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Aligned Energy’s Kirk Offel on Managing Risk in Customer Bases: “It’s About Shifting Responsibility”

 
Oct 2, 2017
by Josh Anderson

CHICAGO, IL – Managing risk in the enterprise flight to Cloud is a common topic of conversation at CapRE events. At our Chicago Data Center Summit earlier this year, we heard from Kirk Offel of Aligned Energy for his thoughts on how he approaches risk. Especially as it relates to both Cloud and enterprise customer bases.

“The truth is that what you’re talking about really comes down to shifting responsibility,” replied Offel. “Risk increases, let’s just say, on a daily basis. If you’re going to deploy capital, and you’re in a line of business that doesn’t generate revenue, will you ever be able to stay on top of it? You can’t get ahead if you’re trying to get even. The best thing you can do is try to shift responsibility out. So that’s what we’re seeing in Enterprise. It’s a big shift of responsibility, because they can’t keep up with the massively evolving trends.”

Kirk Offel, Aligned Energy

Next, Offel leveled with us. “So we’re a two year old start up,” he said, asking the room if anyone had heard of Aligned Energy yet. “The value of being a start up is that you change a lightning speed. Digital [Realty] won’t evolve as easily. For us, we have a very advanced engineering CTO and he envisioned the next evolution of data centers as micro grids. So he’s trying to push the industry to its next evolution, so that it gets to a point where…the data center itself is a cloud utility.”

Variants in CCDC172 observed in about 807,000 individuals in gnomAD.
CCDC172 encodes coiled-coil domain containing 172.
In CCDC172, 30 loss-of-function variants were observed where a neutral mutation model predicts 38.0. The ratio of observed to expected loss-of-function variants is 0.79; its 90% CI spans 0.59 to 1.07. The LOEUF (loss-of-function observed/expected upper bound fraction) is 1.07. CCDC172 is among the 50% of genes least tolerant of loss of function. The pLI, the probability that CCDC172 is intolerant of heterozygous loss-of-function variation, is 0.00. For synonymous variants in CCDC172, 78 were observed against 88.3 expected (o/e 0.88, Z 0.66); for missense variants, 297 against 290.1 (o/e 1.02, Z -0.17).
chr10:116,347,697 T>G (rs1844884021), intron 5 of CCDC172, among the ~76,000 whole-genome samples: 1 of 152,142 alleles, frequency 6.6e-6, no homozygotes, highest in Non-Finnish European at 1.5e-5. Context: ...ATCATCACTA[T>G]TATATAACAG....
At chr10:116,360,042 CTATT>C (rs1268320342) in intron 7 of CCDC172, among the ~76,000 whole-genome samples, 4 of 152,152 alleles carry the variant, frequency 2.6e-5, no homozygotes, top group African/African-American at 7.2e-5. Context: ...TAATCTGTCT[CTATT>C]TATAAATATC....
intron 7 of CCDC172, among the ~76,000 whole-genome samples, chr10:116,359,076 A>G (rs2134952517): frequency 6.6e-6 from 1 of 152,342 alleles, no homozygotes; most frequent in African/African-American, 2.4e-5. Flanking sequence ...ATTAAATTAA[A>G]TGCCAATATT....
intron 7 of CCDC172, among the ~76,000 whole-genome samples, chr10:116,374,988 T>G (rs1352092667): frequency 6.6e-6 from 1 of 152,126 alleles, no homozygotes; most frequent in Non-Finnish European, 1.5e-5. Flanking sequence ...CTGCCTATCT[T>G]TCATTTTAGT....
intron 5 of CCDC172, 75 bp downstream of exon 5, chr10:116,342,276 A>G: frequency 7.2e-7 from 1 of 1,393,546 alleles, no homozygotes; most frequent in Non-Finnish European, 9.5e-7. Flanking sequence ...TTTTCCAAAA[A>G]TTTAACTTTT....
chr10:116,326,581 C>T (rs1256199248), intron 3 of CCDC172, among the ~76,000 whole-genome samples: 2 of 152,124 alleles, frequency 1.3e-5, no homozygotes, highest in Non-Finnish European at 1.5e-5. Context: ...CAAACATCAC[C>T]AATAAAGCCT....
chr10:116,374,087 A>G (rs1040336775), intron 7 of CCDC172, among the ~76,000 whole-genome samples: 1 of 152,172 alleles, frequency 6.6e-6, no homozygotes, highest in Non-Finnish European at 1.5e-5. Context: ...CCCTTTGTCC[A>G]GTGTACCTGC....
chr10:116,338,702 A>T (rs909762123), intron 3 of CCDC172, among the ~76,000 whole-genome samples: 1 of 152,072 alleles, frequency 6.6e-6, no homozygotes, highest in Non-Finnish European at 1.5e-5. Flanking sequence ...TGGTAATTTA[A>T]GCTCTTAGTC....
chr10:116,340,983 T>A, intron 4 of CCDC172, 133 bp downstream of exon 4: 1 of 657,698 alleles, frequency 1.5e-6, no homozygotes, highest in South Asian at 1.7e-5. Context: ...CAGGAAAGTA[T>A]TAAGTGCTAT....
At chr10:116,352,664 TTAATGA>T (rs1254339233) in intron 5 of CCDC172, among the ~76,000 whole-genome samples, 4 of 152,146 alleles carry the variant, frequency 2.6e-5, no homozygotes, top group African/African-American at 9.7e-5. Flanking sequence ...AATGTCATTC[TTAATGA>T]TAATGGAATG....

What he means by that, according to Offel, is that data centers, as we all know, have the ability to island themselves off of the grid. “As long as they have the batteries and fuel and SLAs and so on and so forth,” he cautioned. “So the goal is to try to figure out how we can take, as a cloud utility, all of our generation capacity and put it on the grid, and make it so….that we’re actually exporting power back to the grid.”

“The benefit to the local utility provider is that there’s a reduction in capital from an opex perspective,” he concluded. “Because there is a data center operator in some market that is willing to maintain the gens themselves. That’s just the first level. It’s going to drive us into a more resilient battery level. As a data center operator, you will turn your data center into a micro grid. We’re not the first ones to come to this, but we may be the first to put all of our money into it. Aligned Energy’s business strategy is to become a cloud provider that will someday be able to provide a micro grid, as well as service the 82% of the enterprise that has yet to adopt.”

For some bonus perspective, we asked Offel what he expects to see change on the demand side in the next year or two. “Well, there are two things,” he responded. “As a data center operator, the biggest competitor will always be 1)s ourselves and 2) the enterprise. The enterprise believes that they can build it own it operate it a faster and more economically efficient scale than we can as a data center owner and operator. So the trend is to try to get ahead of that. Which means that I need to have more scale-speed and I need to be cheaper. So what I see is that the commoditization of our industry, which isn’t necessarily a bad thing, will just be trying to figure out how we can all engineer things. I think the trend will be to continuously drive the price of the megawatt down. There’s a lot of ways  to do that, to get them down faster and accelerating.”

 

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